26 July 2007. Thursday of the 16th Week in Ordinary Time
Matthew 13, 10-17 Talk without Speaking
There are things we do in our ordinary lives; some ordinary things; mundane and banal. Like walking to the jeepney stop or to the shopping center. Washing our clothes, cleaning our rooms or reading our textbooks. Some things you would not pay a lot of attention as throwing garbage or carrying our back packs. But the Gospel tells us that we need a special kind of eye, a special way of hearing, a special way of speaking to see God working in these ordinary things. It takes another special language to speak about these depth experiences, like the language of imagery, metaphors or parables. In the contemporary world, we evoke imagery and metaphor to communicate the most profound and most richly developed sense of experiencing the fullness of life. These images point past their very object to the very ultimate truth which must be told: that life does not have one absolute and fixed meaning. A photograph of the wedding of my parents may have different meanings for me or for my friends or for someone who does not know me. We are able to experience something beyond what we see. Haruki Murakami’s book, Kafka on the Shore, affirms that life is a big metaphor.
One of the most important things in life is an experience. Certain experiences cannot be completely explained or described. And how to communicate these profound experiences become very challenging. That is why Jesus used metaphors and parables to explain the Kingdom.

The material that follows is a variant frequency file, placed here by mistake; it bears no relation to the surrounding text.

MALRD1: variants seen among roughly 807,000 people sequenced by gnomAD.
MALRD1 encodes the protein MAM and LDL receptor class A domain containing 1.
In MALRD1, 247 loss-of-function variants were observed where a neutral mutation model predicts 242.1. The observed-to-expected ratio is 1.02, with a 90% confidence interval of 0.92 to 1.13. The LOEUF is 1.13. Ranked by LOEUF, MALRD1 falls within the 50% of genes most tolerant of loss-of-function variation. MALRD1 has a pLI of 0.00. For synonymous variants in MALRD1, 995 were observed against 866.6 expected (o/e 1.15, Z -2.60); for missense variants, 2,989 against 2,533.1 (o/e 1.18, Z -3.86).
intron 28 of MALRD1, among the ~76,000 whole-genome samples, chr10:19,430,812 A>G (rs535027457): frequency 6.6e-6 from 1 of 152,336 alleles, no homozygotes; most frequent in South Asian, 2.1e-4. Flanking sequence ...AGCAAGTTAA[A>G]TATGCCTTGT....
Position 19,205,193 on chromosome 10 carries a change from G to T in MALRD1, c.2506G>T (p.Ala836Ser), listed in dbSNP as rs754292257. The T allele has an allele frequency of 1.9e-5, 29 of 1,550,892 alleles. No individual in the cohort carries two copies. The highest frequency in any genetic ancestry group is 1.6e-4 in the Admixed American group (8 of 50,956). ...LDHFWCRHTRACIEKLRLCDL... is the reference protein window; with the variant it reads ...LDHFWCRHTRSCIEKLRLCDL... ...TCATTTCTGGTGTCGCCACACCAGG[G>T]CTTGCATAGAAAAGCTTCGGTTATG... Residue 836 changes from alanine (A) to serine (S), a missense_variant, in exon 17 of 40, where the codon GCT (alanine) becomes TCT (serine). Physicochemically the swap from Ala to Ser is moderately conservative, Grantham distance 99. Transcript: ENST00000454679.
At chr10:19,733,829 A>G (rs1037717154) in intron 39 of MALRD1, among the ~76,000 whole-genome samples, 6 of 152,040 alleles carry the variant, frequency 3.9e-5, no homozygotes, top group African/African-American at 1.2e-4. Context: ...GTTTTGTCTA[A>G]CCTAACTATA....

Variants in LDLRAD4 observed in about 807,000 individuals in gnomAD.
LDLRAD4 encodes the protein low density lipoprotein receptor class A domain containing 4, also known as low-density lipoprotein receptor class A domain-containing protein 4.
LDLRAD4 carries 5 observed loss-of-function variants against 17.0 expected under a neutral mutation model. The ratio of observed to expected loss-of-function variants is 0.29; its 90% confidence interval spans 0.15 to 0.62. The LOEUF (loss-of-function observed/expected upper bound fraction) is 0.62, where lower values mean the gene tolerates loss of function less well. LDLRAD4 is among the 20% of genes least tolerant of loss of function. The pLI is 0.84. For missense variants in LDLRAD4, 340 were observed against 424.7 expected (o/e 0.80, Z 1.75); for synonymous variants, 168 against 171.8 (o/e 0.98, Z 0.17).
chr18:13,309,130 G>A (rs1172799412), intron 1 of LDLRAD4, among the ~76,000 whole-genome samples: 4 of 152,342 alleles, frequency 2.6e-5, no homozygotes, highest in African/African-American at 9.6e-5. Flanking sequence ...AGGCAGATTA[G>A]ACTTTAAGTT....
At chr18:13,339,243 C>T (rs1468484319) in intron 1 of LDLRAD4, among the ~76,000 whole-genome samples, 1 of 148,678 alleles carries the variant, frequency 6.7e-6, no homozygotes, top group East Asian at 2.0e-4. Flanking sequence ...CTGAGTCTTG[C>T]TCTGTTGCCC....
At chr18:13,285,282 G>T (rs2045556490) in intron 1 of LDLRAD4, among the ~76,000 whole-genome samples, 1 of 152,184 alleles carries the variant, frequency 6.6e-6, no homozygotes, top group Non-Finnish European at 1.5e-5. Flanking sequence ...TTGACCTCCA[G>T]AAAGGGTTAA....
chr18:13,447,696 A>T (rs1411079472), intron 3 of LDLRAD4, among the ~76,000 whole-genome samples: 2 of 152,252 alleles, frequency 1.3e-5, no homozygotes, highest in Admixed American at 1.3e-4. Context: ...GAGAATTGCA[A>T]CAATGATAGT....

In the 1960s, Simon and Garfunkel was propelled to popularity by a song called, “The Sound of Silence.” Paul Simon wrote the song in the aftermath of the assassination of President John F. Kennedy on November 22, 1963. He wrote the song to capture the emotional trauma felt by many Americans left by the sudden death of a vigorous and visionary leader. The song reached #1 in the charts on New Year’s Day in 1966. The some of the lyrics of the song holds the same meaning as that of the Gospel:
And in the naked light I saw
Ten thousand people, maybe more
People talking without speaking
People hearing without listening
People writing songs that voices never share
And no one dared
Disturb the sound of silence.
In other words, the Christian is called to have depth. Hindi mababaw, kundi malalim. Someone who can see reality in the eyes of God. Someone who could read between the lines; see meaning beyond the ordinary things we do. Someone with a special ability: to see beyond what one sees; to hear beyond what one hears; to speak about the mystery of life. Or perhaps, the deepest is when one can communicate without speaking (as lovers do with their eyes or with their intuition or with their hearts), one can hear another without their using their ears (as lovers again do). When one is at home with silence, you get to hear the voice of God. Loud and clear.
*the labyrinth at Mirador Jesuit Reatreat House in Baguio City. The Labyrinth leads you towards its center. The labyrinth is used for prayer.